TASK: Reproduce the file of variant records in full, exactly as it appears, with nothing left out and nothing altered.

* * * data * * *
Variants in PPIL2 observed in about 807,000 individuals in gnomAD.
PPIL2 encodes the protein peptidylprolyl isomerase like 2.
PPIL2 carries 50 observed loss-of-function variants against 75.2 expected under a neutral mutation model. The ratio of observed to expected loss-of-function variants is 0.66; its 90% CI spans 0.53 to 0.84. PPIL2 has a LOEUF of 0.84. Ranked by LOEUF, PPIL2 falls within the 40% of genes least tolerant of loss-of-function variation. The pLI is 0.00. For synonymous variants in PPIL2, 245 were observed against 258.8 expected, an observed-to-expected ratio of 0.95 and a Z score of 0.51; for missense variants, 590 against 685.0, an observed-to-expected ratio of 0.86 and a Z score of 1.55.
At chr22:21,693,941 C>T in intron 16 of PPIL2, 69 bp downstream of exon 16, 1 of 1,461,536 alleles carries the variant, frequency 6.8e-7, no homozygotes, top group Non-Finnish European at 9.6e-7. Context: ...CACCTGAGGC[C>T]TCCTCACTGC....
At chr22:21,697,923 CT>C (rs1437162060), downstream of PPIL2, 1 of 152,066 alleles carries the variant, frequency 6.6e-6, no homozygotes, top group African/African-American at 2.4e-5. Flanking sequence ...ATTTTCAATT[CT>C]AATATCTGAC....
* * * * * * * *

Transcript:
Variants in PPIL2 observed in about 807,000 individuals in gnomAD.
PPIL2 encodes the protein peptidylprolyl isomerase like 2.
PPIL2 carries 50 observed loss-of-function variants against 75.2 expected under a neutral mutation model. The ratio of observed to expected loss-of-function variants is 0.66; its 90% CI spans 0.53 to 0.84. PPIL2 has a LOEUF of 0.84. Ranked by LOEUF, PPIL2 falls within the 40% of genes least tolerant of loss-of-function variation. The pLI is 0.00. For synonymous variants in PPIL2, 245 were observed against 258.8 expected, an observed-to-expected ratio of 0.95 and a Z score of 0.51; for missense variants, 590 against 685.0, an observed-to-expected ratio of 0.86 and a Z score of 1.55.
At chr22:21,693,941 C>T in intron 16 of PPIL2, 69 bp downstream of exon 16, 1 of 1,461,536 alleles carries the variant, frequency 6.8e-7, no homozygotes, top group Non-Finnish European at 9.6e-7. Context: ...CACCTGAGGC[C>T]TCCTCACTGC....
At chr22:21,697,923 CT>C (rs1437162060), downstream of PPIL2, 1 of 152,066 alleles carries the variant, frequency 6.6e-6, no homozygotes, top group African/African-American at 2.4e-5. Flanking sequence ...ATTTTCAATT[CT>C]AATATCTGAC....